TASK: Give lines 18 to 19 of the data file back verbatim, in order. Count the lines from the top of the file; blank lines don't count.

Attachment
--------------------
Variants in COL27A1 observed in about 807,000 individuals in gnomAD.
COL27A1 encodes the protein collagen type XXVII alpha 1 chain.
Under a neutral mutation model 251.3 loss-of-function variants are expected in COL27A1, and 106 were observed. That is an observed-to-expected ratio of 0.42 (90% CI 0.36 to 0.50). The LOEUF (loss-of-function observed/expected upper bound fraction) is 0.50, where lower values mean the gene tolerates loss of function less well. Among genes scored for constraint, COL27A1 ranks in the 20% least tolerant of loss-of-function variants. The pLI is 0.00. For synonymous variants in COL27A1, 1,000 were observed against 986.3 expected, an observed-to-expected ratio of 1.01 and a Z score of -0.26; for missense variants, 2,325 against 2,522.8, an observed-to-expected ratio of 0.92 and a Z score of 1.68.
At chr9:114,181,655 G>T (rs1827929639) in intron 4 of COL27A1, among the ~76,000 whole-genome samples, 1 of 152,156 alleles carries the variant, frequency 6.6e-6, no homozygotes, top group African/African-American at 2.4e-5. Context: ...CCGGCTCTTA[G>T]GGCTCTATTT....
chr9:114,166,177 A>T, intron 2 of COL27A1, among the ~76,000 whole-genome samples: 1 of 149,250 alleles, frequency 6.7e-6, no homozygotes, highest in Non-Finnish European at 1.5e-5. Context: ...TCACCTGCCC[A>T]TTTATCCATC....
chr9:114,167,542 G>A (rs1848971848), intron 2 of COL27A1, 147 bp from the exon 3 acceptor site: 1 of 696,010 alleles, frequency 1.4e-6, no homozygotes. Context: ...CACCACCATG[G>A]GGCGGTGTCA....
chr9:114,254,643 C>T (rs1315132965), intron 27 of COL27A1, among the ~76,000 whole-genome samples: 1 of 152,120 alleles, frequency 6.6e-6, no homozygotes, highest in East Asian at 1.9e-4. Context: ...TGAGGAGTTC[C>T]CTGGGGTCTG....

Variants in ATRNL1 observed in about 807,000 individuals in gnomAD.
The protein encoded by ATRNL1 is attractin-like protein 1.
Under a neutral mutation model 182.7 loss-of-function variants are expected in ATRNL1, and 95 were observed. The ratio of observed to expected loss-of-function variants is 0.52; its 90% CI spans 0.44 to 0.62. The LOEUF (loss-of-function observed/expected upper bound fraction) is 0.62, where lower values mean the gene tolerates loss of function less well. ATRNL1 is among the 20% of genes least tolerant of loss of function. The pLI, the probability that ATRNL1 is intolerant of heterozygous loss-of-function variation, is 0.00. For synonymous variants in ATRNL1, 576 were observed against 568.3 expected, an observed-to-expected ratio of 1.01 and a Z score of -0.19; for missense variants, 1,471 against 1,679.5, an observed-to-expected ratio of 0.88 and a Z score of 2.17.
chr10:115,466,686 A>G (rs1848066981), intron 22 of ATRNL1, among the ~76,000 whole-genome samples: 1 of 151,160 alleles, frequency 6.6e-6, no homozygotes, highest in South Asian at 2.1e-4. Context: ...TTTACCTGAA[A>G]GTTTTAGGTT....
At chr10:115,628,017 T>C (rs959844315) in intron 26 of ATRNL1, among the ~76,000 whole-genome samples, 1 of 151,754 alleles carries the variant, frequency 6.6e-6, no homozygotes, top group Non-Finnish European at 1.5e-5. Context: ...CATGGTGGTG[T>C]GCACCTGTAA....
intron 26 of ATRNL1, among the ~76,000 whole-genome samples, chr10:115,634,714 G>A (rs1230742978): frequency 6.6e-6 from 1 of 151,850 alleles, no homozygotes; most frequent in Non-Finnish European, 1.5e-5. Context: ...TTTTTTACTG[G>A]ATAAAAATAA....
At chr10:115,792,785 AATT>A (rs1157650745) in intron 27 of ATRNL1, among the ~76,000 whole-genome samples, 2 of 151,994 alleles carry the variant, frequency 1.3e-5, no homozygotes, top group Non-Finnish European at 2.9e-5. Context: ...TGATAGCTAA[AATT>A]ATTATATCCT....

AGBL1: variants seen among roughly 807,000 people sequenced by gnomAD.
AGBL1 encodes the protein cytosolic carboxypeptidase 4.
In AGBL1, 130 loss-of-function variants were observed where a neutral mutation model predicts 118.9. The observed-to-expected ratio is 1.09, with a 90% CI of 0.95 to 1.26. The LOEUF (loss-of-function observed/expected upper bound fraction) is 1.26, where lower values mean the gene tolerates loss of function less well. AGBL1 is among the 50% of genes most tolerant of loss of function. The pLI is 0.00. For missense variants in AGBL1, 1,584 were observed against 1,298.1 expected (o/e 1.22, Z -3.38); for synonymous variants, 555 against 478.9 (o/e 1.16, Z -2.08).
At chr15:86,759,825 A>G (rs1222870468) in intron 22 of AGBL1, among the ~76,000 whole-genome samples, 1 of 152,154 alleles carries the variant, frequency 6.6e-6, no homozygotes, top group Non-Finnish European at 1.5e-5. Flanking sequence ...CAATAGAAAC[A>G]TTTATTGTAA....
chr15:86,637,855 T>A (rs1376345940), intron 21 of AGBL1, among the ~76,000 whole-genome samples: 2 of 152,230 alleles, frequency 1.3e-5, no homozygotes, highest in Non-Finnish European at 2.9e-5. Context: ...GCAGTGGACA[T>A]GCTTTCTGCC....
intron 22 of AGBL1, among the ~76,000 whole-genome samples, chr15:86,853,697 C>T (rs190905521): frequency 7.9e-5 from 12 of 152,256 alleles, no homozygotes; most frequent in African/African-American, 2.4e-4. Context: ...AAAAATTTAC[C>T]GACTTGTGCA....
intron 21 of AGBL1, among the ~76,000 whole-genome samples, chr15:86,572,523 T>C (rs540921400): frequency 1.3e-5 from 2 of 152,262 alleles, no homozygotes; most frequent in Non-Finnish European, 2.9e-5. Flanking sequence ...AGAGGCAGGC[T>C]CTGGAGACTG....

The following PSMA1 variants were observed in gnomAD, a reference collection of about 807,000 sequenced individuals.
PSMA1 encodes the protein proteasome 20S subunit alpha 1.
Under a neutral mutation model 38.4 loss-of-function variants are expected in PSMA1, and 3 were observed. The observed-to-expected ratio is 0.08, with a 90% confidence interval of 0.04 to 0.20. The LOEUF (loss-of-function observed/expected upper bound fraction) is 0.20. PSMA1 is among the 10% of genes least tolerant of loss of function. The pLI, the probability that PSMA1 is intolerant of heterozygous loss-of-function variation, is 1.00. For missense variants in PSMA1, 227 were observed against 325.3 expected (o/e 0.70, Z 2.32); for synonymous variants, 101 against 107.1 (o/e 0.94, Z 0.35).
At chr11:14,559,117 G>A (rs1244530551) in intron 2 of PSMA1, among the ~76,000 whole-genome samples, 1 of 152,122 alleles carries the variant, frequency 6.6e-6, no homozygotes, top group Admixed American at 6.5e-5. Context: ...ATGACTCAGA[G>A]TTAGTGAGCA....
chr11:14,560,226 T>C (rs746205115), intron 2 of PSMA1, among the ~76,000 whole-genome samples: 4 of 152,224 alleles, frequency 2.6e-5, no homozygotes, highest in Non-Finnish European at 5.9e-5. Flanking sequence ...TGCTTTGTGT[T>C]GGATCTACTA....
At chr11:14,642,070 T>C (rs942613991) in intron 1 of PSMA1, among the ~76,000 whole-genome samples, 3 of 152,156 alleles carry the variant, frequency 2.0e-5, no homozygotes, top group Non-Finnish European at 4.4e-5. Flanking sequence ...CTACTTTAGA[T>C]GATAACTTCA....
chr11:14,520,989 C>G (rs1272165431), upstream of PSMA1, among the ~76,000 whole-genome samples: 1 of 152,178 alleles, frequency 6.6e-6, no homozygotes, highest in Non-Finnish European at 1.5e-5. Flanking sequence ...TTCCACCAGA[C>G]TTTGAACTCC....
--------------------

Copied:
At chr15:86,759,825 A>G (rs1222870468) in intron 22 of AGBL1, among the ~76,000 whole-genome samples, 1 of 152,154 alleles carries the variant, frequency 6.6e-6, no homozygotes, top group Non-Finnish European at 1.5e-5. Flanking sequence ...CAATAGAAAC[A>G]TTTATTGTAA....
chr15:86,637,855 T>A (rs1376345940), intron 21 of AGBL1, among the ~76,000 whole-genome samples: 2 of 152,230 alleles, frequency 1.3e-5, no homozygotes, highest in Non-Finnish European at 2.9e-5. Context: ...GCAGTGGACA[T>A]GCTTTCTGCC....